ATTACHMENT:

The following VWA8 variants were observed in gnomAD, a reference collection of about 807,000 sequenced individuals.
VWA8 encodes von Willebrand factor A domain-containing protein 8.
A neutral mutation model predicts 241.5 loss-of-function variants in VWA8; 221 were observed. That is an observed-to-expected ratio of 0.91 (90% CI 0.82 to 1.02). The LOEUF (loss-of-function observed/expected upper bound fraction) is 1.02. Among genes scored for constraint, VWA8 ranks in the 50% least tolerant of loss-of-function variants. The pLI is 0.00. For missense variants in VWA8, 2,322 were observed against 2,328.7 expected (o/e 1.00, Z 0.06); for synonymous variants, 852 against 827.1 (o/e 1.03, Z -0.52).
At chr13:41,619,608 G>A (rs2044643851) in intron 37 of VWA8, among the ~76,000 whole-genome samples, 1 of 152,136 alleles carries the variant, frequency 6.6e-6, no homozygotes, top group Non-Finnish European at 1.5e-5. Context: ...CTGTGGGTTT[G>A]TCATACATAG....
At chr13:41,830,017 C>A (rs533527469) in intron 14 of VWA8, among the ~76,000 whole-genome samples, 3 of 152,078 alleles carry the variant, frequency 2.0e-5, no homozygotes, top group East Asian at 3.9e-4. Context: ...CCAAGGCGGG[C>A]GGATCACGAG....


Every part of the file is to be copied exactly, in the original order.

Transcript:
The following VWA8 variants were observed in gnomAD, a reference collection of about 807,000 sequenced individuals.
VWA8 encodes von Willebrand factor A domain-containing protein 8.
A neutral mutation model predicts 241.5 loss-of-function variants in VWA8; 221 were observed. That is an observed-to-expected ratio of 0.91 (90% CI 0.82 to 1.02). The LOEUF (loss-of-function observed/expected upper bound fraction) is 1.02. Among genes scored for constraint, VWA8 ranks in the 50% least tolerant of loss-of-function variants. The pLI is 0.00. For missense variants in VWA8, 2,322 were observed against 2,328.7 expected (o/e 1.00, Z 0.06); for synonymous variants, 852 against 827.1 (o/e 1.03, Z -0.52).
At chr13:41,619,608 G>A (rs2044643851) in intron 37 of VWA8, among the ~76,000 whole-genome samples, 1 of 152,136 alleles carries the variant, frequency 6.6e-6, no homozygotes, top group Non-Finnish European at 1.5e-5. Context: ...CTGTGGGTTT[G>A]TCATACATAG....
At chr13:41,830,017 C>A (rs533527469) in intron 14 of VWA8, among the ~76,000 whole-genome samples, 3 of 152,078 alleles carry the variant, frequency 2.0e-5, no homozygotes, top group East Asian at 3.9e-4. Context: ...CCAAGGCGGG[C>A]GGATCACGAG....